This chocolate sandwich recipe is crazy easy to make and requires just bread, chocolate, olive oil, and a smidgen of sea salt. Chances are you’ve got those at the ready.
- Quick Glance
- 5 M
- 5 M
- Makes 1 to 2
Preheat your broiler.
Place both slices of bread on a baking sheet and broil until the top is lightly toasted, 30 to 60 seconds.
Flip the bread over, drizzle with oil, and arrange the chocolate on top. (Ideally the chocolate would be about the thickness of a Hershey’s bar and evenly cover the surface of the bread.)
Broil just until the edges of the bread are golden and the chocolate begins to melt, 30 to 60 seconds. You don’t want to melt the chocolate completely. Remove from the oven and sprinkle with salt. If a closed sandwich is preferred, sandwich the slices together. Grin and indulge. Originally published April 4, 2016.
- Chocolate and Peanut Butter Sandwich
Omit the olive oil and salt. Spread 1 tablespoon of your favorite creamy or crunchy peanut butter on the bread, cover with squares of either dark or milk chocolate, and if desired, add sliced bananas. Broil, grin, eat.
- Chocolate and Raspberry Jam Panini
Omit the olive oil and salt. Cover the bread with squares of dark chocolate and 1 to 2 tablespoons raspberry jam and sandwich the slices together. Make the sandwich in a panini grill or waffle iron. Press, grin, eat.
Recipe Testers' Reviews
No words can do this chocolate sandwich recipe justice. I will try, just the same.
I really loved the sound of the raspberry preserves and dark chocolate variation and the idea of using a panini press. Of course I don't have a panini press, so I chose to enlist my trusty Belgian waffler. I cut my crusty French bread at a bit more than an inch, spread some butter on the outsides of the bread, coated the insides with the preserves, and laid 1 slice of the prepared bread on the hot waffle iron. I quickly added a few squares of Hershey's special dark chocolate, topped it with the other slice of bread, and closed the waffle iron. After 3 minutes, I was confronted with an amazing toasty, waffle-y sandwich filled with raspberry and oozing dark chocolate. Truly a little bit of heaven from my trusty old waffle iron.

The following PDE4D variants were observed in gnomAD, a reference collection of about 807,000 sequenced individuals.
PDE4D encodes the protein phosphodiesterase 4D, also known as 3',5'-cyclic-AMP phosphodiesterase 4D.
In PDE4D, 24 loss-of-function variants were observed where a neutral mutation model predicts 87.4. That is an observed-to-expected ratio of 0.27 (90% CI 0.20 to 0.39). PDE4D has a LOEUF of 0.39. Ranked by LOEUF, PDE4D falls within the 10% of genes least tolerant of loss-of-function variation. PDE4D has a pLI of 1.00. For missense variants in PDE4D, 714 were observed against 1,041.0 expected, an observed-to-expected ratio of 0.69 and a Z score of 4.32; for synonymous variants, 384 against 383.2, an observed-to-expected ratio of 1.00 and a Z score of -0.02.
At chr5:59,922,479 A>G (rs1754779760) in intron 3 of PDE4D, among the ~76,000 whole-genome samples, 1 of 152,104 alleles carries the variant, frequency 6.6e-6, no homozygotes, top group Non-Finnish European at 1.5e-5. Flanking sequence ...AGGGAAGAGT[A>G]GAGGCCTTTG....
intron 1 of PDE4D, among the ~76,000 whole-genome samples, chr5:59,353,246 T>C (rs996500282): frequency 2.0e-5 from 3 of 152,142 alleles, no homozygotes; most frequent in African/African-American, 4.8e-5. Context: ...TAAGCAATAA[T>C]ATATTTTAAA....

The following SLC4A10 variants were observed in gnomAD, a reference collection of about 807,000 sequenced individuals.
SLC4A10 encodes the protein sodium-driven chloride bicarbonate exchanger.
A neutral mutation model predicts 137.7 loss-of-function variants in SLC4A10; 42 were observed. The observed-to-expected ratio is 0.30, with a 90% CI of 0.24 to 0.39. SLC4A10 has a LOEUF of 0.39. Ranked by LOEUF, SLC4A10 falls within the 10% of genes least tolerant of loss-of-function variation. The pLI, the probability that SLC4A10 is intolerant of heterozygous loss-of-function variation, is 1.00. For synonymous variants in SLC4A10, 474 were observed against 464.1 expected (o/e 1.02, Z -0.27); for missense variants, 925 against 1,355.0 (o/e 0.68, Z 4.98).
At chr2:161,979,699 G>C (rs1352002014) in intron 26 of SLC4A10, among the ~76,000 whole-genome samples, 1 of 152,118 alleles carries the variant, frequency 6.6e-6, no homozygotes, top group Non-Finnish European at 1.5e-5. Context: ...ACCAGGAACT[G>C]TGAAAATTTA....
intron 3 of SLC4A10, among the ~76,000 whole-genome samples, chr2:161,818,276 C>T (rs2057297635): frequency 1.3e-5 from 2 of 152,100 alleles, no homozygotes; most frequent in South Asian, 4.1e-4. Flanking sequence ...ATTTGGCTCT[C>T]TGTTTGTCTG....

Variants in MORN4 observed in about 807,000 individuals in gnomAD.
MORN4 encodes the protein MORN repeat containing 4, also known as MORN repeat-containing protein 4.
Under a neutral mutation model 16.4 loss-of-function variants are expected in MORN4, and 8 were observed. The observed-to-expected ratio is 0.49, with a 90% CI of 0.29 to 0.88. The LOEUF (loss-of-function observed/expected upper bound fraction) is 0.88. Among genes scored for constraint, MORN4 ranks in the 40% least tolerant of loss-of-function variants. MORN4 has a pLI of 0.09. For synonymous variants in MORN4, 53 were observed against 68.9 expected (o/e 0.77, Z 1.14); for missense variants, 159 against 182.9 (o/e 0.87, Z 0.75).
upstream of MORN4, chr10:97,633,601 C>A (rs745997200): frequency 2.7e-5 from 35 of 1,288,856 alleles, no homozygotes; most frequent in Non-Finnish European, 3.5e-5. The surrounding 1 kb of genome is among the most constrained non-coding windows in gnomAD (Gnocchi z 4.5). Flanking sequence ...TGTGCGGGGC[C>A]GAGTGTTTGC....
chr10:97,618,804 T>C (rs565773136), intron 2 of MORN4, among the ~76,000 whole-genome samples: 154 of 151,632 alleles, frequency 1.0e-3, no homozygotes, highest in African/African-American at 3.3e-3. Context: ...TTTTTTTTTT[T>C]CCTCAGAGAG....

I ended up with a beautiful classic baguette just out of the oven and still warm. We cut the baguette straight across so the slices were not very large. For the first iteration, we tried it open-faced. For the second variation, we had the sandwich closed, which we preferred. We also felt that 2 ounces chocolate was excessive and did not make for a good balance between the bread and the chocolate.
While coarse sea salt is called for, make sure that your salt isn't too coarse. We liked the little bursts of saltiness from the small chunks of coarse salt but didn't care for the bigger chunks. Timingwise, we did 52 seconds on the first side and 36 seconds on the second.
We then tried a panini variation using 2 different flavor combinations: raspberry with dark chocolate and strawberry with milk chocolate. The purist in me had hoped that the original version was better or at least as good as the panini variation, but this was not the case. The panini were far superior—the texture of the sandwich was gentler with a more pleasant mouthfeel and didn't have any of the hard edges of the toasted crusty bread. The panini version was so good that I even liked the milk chocolate sandwich (I'm not a milk chocolate fan).